Lone Survivor is a game that is equal parts good and bad. The combination of pixel art graphics with modern tweaks makes the game visually pleasing and the coding behind it feels top notch. I also enjoyed the choice of music for the opening and closing scenes as it seemed to be quite fitting for the scenes in question. However the game fails to be an actual survival horror with there being unlimited resources at your disposal and the threats in the game really posing little danger to you. There are some satisfying moments in it like when you figure out how to make coffee or complete a puzzle without having to backtrack for ages but apart from that I didn’t find much else to like in Lone Survivor.
It’s very possible that my gripes are the result of my bias against the survival horror genre and I can’t not recommend the game because of that. Since it’s part of the Humble Bundle the cost to trying it out is exceedingly low, especially when you get so many other great games bundled along with it. For me personally though I don’t believe I’ll ever play through Lone Survivor again to see the alternate endings as I just don’t feel that there’s anything else in it for me. Whether it works for you though is an exercise that I’ll leave up to the reader as I don’t feel my rating can truly reflect the game’s experience, even if I adjust for my internal biases.
Lone Survivor is available right now on PC for any price you wish through the Humble Indie Bundle. Total game time was around 4 hours with the Blue ending and a rating of F.
It’s hard to believe that it’s been a good 7 years since we saw a release from the famous id Software developers. For a company that had regular releases every 2 to 3 years for almost 2 decades prior the silence from them was rather unusual, sparking rumours that they were in a Duke Nukem Forever situation. Still their tech demos of the new id Tech 5 engine that was powering their next game showed that they were making progress and that has culminated in their next game release: Rage. After a good 12 hours or so with it over the past couple weeks I’m in two minds about id’s latest game, or more aptly their latest engine.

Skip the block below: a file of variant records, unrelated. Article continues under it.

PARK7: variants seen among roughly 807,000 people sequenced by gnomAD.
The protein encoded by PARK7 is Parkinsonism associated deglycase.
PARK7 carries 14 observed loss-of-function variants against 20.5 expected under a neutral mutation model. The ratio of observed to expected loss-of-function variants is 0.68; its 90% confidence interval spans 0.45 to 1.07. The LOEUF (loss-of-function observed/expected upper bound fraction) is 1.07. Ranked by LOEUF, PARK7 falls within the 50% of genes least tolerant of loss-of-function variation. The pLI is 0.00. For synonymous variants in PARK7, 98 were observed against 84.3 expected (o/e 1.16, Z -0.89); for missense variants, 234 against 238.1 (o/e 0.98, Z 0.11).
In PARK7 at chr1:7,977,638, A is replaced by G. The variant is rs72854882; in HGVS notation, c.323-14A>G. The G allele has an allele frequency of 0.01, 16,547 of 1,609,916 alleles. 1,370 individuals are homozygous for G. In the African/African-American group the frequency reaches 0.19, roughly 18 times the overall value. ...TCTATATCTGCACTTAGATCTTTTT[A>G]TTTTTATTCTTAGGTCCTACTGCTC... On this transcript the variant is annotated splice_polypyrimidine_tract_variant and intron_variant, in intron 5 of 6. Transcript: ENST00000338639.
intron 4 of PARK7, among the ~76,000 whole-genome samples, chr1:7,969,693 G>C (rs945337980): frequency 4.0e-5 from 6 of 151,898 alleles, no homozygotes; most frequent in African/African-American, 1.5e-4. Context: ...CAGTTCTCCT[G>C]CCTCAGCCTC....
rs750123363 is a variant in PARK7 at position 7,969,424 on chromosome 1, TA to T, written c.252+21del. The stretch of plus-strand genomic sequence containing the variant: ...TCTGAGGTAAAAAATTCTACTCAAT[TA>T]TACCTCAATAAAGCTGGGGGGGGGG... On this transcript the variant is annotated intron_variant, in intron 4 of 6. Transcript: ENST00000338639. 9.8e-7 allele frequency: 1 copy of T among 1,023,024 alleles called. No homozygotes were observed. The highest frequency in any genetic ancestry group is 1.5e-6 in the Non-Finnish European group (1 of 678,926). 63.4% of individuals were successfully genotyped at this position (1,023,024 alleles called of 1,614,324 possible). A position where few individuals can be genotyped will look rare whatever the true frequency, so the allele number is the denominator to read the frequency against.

Rage puts you about 130 odd years into the future into a post apocalyptic world that’s been ravaged by the 99942 Apophis. Now the space nerds amongst us will recognise that that is a very real asteroid and whilst we’ve since eliminated the prospect of it hitting earth in 2029 as the game predicts it was none the less a gripping hook to get me into the story. You play as Daniel Tosh, one of the chosen few to be buried in a capsule with other survivors in cryogenic suspension, only to wake a century after the impact has occured in order to rebuild humanity. When you wake however you find that the pod malfunctioned and you’re the only survivor out of your particular ark and the world that you’ve come out in is a desolate wasteland.